by Rahul Santhanam (University of Oxford)

Computational complexity theory studies the possibilities and limitations of algorithms. Over the past several decades, we have learned a lot about the possibilities of algorithms. We live today in an algorithmic world, where the ability to reliably and quickly process vast amounts of data is crucial. Along with this social and technological transformation, there have been significant theoretical advances, including the discovery of efficient algorithms for fundamental problems such as linear programming and primality.

We know far less about the limitations of algorithms. From an empirical point of view, certain important problems seem inherently hard to solve. These include the satisfiability problem in logic, the Traveling Salesman Problem in graph theory, the integer linear programming problem in optimization, the equilibrium computation problem in game theory, and the protein folding problem in computational biology. What all these problems have in common is that it is easy to verify if a given solution is correct, but it seems hard to compute solutions. This phenomenon is encapsulated in the celebrated *NP* vs. *P* question, which asks if all problems with solutions verifiable in polynomial time (*NP*) can also be solved in polynomial time (*P*). The *NP* vs. *P* problem is important both mathematically, as evidenced by its inclusion in the list of Millennium Prize Problems by the Clay Mathematics Institute, and scientifically, since natural problems that arise in a variety of scientific contexts are in *NP* but not known to be in *P*. To make progress on *NP* vs. *P* and related questions, we need to show complexity lower bounds (i.e., prove that a given computational problem cannot be solved efficiently).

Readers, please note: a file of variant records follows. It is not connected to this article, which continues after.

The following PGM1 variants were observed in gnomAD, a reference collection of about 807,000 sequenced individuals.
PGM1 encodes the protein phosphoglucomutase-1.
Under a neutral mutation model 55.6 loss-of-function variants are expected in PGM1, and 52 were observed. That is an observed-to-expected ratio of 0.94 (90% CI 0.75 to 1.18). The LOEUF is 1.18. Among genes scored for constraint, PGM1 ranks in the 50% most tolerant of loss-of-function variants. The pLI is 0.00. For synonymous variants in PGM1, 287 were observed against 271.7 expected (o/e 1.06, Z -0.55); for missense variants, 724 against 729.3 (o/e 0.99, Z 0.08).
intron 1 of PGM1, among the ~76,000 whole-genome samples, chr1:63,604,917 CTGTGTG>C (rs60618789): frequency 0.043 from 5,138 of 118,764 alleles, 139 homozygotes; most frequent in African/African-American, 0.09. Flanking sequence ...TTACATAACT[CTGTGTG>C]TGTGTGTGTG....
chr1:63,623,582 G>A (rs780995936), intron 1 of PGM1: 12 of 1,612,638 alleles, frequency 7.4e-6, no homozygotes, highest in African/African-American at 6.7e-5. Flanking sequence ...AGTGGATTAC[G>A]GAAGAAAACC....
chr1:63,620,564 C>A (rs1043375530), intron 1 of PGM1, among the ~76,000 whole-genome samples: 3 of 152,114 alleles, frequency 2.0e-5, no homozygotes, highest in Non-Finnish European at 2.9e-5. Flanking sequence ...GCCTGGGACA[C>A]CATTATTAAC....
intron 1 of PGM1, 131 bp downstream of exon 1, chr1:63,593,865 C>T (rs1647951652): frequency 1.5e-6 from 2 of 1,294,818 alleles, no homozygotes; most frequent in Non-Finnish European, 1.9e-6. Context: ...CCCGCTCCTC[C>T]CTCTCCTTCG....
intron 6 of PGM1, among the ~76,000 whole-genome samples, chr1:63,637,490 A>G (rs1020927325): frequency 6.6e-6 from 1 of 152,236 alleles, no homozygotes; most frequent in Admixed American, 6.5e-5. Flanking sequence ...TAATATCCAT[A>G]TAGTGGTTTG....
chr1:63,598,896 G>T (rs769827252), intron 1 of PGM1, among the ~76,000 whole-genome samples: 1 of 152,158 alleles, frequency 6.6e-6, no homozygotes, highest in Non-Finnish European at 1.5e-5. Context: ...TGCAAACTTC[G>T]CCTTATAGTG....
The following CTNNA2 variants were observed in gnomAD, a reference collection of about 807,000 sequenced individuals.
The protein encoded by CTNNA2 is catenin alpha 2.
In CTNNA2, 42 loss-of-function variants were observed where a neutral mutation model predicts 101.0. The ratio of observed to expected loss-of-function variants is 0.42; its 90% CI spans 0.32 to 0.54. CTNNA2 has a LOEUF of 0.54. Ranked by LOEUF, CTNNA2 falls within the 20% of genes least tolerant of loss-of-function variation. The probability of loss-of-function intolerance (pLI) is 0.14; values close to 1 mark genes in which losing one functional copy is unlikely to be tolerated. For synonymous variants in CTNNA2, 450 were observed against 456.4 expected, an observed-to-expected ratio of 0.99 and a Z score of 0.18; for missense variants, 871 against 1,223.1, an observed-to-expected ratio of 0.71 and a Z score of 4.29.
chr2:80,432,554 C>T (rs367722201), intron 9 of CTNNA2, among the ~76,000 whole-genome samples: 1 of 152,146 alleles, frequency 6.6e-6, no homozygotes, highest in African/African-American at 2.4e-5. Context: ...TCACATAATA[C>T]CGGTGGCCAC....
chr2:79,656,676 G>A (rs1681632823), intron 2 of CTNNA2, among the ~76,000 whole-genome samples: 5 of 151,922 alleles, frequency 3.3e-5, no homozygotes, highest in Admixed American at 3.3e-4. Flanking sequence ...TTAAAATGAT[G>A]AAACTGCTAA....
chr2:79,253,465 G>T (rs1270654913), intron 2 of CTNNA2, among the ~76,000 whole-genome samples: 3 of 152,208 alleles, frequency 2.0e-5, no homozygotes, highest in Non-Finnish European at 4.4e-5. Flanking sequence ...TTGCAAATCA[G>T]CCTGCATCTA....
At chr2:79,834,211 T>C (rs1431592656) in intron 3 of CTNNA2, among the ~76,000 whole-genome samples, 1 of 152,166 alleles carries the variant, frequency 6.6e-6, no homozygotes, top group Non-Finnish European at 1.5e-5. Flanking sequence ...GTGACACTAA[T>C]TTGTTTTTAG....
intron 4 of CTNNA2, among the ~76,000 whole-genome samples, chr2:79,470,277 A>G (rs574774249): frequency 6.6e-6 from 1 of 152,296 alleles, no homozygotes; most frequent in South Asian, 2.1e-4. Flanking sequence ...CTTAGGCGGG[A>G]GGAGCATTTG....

Complexity lower bounds are interesting for many reasons. First, from a pragmatic point of view, they map the boundaries of what is possible and, hence, save us from wasting our efforts on finding efficient solutions to problems beyond those boundaries. Second, lower bounds can be exploited algorithmically to design secure cryptographic protocols and efficiently convert randomized algorithms into deterministic ones. Thus, intriguingly, proving new limits on the power of computation also opens up new possibilities for computation! Third, and perhaps most importantly, lower bounds provide a deeper understanding of the nature of computation. An efficient solution to an algorithmic problem tells us something new about that specific problem, while a lower bound often tells us something new about the computational model and hence about algorithms in general.

The Fall 2018 Simons Institute program on Lower Bounds in Computational Complexity gathered together researchers working on different aspects of complexity lower bounds, in Boolean, algebraic, and interactive settings, with the goal of making progress on the major open problems concerning lower bounds. In some of these cases, such as the setting of interactive computation, good lower bounds are known for various problems. In other cases, such as the case of general Boolean circuits, very little is known. In the remainder of this article, I will briefly survey what is known about Boolean circuit lower bounds and describe a phenomenon called hardness magnification* *that provides some new insights. This line of work was developed partly during the course of the Lower Bounds program with my collaborators Igor Oliveira and Ján Pich.